Commonwealth Fund -
This survey of eleven countries compares patients' experiences with their country's health care system - comparing access to care, quality and affordability - as well as their self-reported health and wellbeing. The study compared patients from Australia, Canada, France, Germany, the Netherlands, New Zealand, Sweden, Switzerland, the United Kingdom and the United States.
Nuffield Trust -
This report argues that digital technology for patients and staff in primary care holds great potential for the NHS but that the impact of this new digital capability is far from certain. It reviews the evidence on digital technology and its impact on patients and finds that patient-facing technology is already showing promise, particularly for people with long-term conditions. The report warns that policy-makers and politicians should avoid assuming that self-care enabling technology will produce significant savings, at least in the short term.
Cancer Research UK -
This report, carried out by Action on Smoking and Health, outlines the results of a survey of tobacco control leads in local authorities in England. The report finds that smoking cessation services are facing ongoing budget cuts, with 59 per cent of respondents reporting that they were forced to reduce their funding to services in the past year. The report calls on public and local councillors to help protect smoking cessation services by urging the government to solve the public health funding crisis.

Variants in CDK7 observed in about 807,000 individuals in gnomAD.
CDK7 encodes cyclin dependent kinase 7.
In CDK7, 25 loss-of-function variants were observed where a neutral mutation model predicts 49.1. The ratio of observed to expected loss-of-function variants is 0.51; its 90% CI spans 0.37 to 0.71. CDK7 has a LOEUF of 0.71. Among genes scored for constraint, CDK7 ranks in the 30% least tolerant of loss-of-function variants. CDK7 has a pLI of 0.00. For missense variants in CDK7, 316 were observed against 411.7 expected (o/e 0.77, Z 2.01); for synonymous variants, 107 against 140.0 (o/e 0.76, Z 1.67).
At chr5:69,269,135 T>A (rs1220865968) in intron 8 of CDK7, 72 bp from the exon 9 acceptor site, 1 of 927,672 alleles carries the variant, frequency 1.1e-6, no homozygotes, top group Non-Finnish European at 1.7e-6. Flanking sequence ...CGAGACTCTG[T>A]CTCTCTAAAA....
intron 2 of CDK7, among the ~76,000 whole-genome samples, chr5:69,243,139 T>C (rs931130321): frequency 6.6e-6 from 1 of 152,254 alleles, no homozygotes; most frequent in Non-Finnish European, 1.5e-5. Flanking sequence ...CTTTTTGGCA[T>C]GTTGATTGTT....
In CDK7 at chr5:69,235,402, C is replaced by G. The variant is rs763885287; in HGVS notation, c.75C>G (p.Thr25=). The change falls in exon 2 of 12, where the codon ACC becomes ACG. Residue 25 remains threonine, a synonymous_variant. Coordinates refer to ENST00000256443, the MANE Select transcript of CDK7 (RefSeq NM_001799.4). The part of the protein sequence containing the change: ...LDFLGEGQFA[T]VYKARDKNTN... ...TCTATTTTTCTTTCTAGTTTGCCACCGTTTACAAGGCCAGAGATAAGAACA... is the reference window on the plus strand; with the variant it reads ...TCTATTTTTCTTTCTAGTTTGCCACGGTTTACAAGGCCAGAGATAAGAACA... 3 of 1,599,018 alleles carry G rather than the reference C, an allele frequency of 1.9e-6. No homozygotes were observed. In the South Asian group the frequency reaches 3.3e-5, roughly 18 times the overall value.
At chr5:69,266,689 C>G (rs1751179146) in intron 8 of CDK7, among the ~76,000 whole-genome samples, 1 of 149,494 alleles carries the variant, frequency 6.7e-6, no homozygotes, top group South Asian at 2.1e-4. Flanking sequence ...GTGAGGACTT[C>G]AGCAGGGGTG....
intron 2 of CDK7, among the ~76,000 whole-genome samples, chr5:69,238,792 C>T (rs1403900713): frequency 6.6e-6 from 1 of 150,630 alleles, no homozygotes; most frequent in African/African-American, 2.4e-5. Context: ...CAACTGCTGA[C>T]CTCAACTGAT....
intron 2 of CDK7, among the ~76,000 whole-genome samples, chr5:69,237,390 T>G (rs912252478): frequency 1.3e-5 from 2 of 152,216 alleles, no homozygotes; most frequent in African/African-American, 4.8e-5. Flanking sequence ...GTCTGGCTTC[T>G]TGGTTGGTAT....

This report highlights the significant social, economic, environmental and political benefits of walking. It lists 40 actions that city leaders can consider to inform walking policy, strategy and design. These actions are informed by a catalogue of international case studies that will inspire action and further aid cities in identifying and evaluating opportunities.
Health and Care Professions Council (HCPC) -
This report highlights the HCPC's work in considering allegations about the fitness to practise of registered health and care workers. In 2015/16, HCPC's register increased and the numbers of fitness to practise concerns decreased and the proportion of registered workers remains low with less than one per cent being subjects of investigation.